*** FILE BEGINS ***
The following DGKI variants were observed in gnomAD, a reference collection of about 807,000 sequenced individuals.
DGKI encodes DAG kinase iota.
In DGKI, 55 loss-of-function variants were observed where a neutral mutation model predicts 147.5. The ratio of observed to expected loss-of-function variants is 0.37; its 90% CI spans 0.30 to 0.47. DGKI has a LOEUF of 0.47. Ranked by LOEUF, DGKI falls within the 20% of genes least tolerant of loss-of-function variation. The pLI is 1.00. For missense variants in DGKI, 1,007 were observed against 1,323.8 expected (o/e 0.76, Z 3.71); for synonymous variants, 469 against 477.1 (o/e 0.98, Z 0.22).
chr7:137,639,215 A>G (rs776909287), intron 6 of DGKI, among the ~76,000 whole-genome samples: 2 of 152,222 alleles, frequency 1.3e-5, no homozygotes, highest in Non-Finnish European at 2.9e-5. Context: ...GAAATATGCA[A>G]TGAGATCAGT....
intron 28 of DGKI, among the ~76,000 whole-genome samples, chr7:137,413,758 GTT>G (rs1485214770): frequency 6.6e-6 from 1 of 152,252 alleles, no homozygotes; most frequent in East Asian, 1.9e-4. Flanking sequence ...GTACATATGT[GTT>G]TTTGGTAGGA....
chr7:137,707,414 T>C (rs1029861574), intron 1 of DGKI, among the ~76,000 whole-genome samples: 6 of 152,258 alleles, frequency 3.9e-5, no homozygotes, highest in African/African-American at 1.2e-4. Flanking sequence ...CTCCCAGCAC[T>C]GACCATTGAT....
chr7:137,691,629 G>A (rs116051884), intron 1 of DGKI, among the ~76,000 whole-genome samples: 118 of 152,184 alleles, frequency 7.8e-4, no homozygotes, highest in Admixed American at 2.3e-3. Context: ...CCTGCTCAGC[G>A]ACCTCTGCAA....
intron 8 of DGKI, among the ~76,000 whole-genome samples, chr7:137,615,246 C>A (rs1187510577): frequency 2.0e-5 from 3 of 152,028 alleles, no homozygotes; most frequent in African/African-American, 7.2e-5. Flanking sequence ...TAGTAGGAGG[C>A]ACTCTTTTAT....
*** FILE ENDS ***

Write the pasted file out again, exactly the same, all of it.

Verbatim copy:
The following DGKI variants were observed in gnomAD, a reference collection of about 807,000 sequenced individuals.
DGKI encodes DAG kinase iota.
In DGKI, 55 loss-of-function variants were observed where a neutral mutation model predicts 147.5. The ratio of observed to expected loss-of-function variants is 0.37; its 90% CI spans 0.30 to 0.47. DGKI has a LOEUF of 0.47. Ranked by LOEUF, DGKI falls within the 20% of genes least tolerant of loss-of-function variation. The pLI is 1.00. For missense variants in DGKI, 1,007 were observed against 1,323.8 expected (o/e 0.76, Z 3.71); for synonymous variants, 469 against 477.1 (o/e 0.98, Z 0.22).
chr7:137,639,215 A>G (rs776909287), intron 6 of DGKI, among the ~76,000 whole-genome samples: 2 of 152,222 alleles, frequency 1.3e-5, no homozygotes, highest in Non-Finnish European at 2.9e-5. Context: ...GAAATATGCA[A>G]TGAGATCAGT....
intron 28 of DGKI, among the ~76,000 whole-genome samples, chr7:137,413,758 GTT>G (rs1485214770): frequency 6.6e-6 from 1 of 152,252 alleles, no homozygotes; most frequent in East Asian, 1.9e-4. Flanking sequence ...GTACATATGT[GTT>G]TTTGGTAGGA....
chr7:137,707,414 T>C (rs1029861574), intron 1 of DGKI, among the ~76,000 whole-genome samples: 6 of 152,258 alleles, frequency 3.9e-5, no homozygotes, highest in African/African-American at 1.2e-4. Flanking sequence ...CTCCCAGCAC[T>C]GACCATTGAT....
chr7:137,691,629 G>A (rs116051884), intron 1 of DGKI, among the ~76,000 whole-genome samples: 118 of 152,184 alleles, frequency 7.8e-4, no homozygotes, highest in Admixed American at 2.3e-3. Context: ...CCTGCTCAGC[G>A]ACCTCTGCAA....
intron 8 of DGKI, among the ~76,000 whole-genome samples, chr7:137,615,246 C>A (rs1187510577): frequency 2.0e-5 from 3 of 152,028 alleles, no homozygotes; most frequent in African/African-American, 7.2e-5. Flanking sequence ...TAGTAGGAGG[C>A]ACTCTTTTAT....